Madison Plunkert – Graduate Student

I am interested in the evolutionary genetics of floral traits in monkeyflower. My previous research examined the genetic mechanisms of compound leaf development and vegetative tissue pigmentation in the woodland strawberry. Outside the lab, I enjoy reading, birdwatching, and playing the violin.

Jason Olsen – Graduate Student

My interests lie in the integration of evolution and genetics. My primary interest is local adaptation in plants and the underlying genetic mechanisms. I have particular interest in the Growth-Defense trade-off hypothesis, that plants cannot be both high growing and well defended under all circumstances. My previous work has been with Bochera stricta (Drummond’s rockcress) a North American mustard weed and exploring constraints to range expansion and growth-defense trade-offs. In the Lowry Lab, I am working with Mimulus guttatus (yellow monkeyflower) and exploring genetic differences in locally adapted populations which have different allocations to growth and defense. Outside of work, I am an avid reader and evangelize for my favorite author, Brandon Sanderson. Other interests include games, computers and my wonderful kitty.

Andrew Bleich – Graduate Student

I consider myself an evolutionary ecologist. I am broadly interested in how plasticity, gene by environment interactions and genetic variation contribute to adaptation in plants. My previous research sought to understand genotypic variation in transgenerational environmental effects in Arabidopsis thaliana. In my personal time I enjoy all things outdoors, gardening and watching basketball. 

Lisa Vormwald – Technician

I am the lead technician at Kellogg Biological Station, overseeing the field data collection and greenhouse work there. I have a MS in Wildlife Science and a graduate certificate in Geographic Information Systems. In my spare time you can usually find me on a bike exploring the dirt roads of Michigan. I also enjoy birding, kayaking, hiking, strength training, and photography. 

Charles Thuruthiyil – Technician

As a research technician Dr. VanWallendael hired me to assist with his proso millet breeding program. My job requires me to handle many tasks such as growing plants from around the world, conducting DNA extraction protocols, and collecting data to improve breeding applications. My previous work experience involved harvesting research corn, research wheat, and with the Lowry lab research switchgrass. After work when I’m not cheering for my favorite sports teams you can find me exercising or just chilling at home.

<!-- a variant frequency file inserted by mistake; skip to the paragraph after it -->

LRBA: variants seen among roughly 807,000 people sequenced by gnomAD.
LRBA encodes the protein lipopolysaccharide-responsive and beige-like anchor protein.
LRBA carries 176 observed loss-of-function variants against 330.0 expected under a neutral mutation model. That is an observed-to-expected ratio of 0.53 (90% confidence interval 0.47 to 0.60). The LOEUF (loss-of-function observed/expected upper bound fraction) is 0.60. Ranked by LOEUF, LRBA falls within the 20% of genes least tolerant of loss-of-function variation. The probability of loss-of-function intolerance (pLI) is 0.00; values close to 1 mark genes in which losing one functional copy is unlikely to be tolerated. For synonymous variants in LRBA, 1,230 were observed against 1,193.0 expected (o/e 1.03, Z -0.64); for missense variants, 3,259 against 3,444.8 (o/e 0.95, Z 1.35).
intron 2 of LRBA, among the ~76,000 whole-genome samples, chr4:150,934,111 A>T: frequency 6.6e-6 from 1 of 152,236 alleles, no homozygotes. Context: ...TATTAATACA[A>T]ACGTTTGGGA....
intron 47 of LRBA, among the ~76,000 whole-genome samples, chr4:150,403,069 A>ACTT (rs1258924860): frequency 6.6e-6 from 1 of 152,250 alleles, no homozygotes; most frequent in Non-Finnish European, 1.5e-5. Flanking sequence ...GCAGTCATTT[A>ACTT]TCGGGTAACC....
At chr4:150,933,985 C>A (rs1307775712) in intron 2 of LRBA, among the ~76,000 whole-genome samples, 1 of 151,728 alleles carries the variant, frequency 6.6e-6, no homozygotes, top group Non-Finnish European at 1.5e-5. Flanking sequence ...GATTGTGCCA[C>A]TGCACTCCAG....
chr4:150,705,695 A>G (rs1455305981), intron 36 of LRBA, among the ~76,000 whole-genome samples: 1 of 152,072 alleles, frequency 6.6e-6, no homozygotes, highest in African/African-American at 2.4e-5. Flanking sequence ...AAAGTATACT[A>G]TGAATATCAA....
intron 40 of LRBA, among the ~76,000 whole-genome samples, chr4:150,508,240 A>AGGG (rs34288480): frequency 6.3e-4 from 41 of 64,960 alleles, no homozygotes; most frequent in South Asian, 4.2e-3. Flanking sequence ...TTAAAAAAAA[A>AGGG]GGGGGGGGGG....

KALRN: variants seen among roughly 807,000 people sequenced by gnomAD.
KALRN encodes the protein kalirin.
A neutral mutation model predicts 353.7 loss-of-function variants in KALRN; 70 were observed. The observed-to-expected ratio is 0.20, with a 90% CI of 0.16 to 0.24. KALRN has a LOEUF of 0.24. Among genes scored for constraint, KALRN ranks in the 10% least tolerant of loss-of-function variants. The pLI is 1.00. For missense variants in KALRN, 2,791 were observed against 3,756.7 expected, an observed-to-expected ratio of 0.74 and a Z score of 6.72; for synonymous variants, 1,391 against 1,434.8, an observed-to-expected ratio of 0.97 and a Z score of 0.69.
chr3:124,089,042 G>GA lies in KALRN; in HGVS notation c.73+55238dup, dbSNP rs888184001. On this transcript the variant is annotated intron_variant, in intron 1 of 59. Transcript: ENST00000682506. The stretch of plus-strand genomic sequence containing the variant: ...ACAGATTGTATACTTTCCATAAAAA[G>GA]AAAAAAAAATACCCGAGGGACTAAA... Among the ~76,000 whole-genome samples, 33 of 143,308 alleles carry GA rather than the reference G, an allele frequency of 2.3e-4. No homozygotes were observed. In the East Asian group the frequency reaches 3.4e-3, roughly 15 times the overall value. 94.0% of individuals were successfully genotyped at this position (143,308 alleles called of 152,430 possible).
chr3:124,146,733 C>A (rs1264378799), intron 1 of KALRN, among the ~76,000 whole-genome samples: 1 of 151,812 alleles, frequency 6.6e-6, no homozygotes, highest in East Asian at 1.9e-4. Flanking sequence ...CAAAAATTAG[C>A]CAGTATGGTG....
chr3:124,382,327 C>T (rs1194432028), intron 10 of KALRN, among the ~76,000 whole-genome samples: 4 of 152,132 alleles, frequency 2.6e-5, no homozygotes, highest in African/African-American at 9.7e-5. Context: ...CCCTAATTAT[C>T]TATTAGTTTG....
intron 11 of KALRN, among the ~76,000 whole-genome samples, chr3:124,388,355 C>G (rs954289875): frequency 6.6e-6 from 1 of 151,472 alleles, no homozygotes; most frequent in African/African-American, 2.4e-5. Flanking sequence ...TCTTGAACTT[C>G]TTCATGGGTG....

Undergraduate Students

Sydney Burtovoy

Sarah Roberts

Lane Vitek

Will McDonald

Lab Alumni

Former Postdocs

Ali Soltani – Research Scientist at Bayer Crop Science

Ian Willick – Research Scientist at the Kentville Research and Development Centre (Agriculture and Agrifood Canada, Nova Scotia)

Nate Emery – STEM Success Education Coordinator at UC Santa Barbara

Billie Gould – Senior Computational Biologist at Freenome

Katherine Toll – Postdoc at Oklahoma State University

Yani Chen – Associate Scientist at Iowa State University

Murilo Peixoto – Postdoc at Washington State University

Former Graduate Students

Fateme Shaki – University of Tehran

Caitlyn Byron – Michigan State University

Damian Popovic – National Park Ranger

Former Technicians

Thomas Zambiasi – PhD Student at Indiana University

Darlene Brennan – PhD Student at University of Nebraska

Danny Jackson – PhD Student at Arizona State University

Amy Wrobleski – PhD Student at Pennsylvania State University

Connor Lamb MS Student at Wayne State University

Linnea Fraser – MS Student at Indiana University

Katelynn Walter – Scientist at Aardevo

Marisa Iceberg – Marisa Iceberg Photography LLC

Former Undergraduate Researchers

Natalie Phillips – MSU Undergraduate

Dash Devanshi – MSU Undergraduate

Katy Ferro – MSU Undergraduate


Darlene BrennanMSU Undergraduate

Erin GumpperMSU Undergraduate

Maria DeNunzio – MSU Undergraduate

John Wrath – Summer Genomics@MSU REU

Jim Cramton – Summer Genomics@MSU REU

Karen Chanchavac – Summer Genomics@MSU REU

Josh McCauleySummer Kellogg Biological Station REU

Outstanding Undergraduates Mentored Prior to MSU

Ashley Asmus   Postdoc at University of Minnesota and coordinating scientist for NutNet

Jacob Heiling   Postdoc at Clemson University

Sumaetee Por Tangwancharoen – Now a faculty member at Chulalongkorn University in Thailand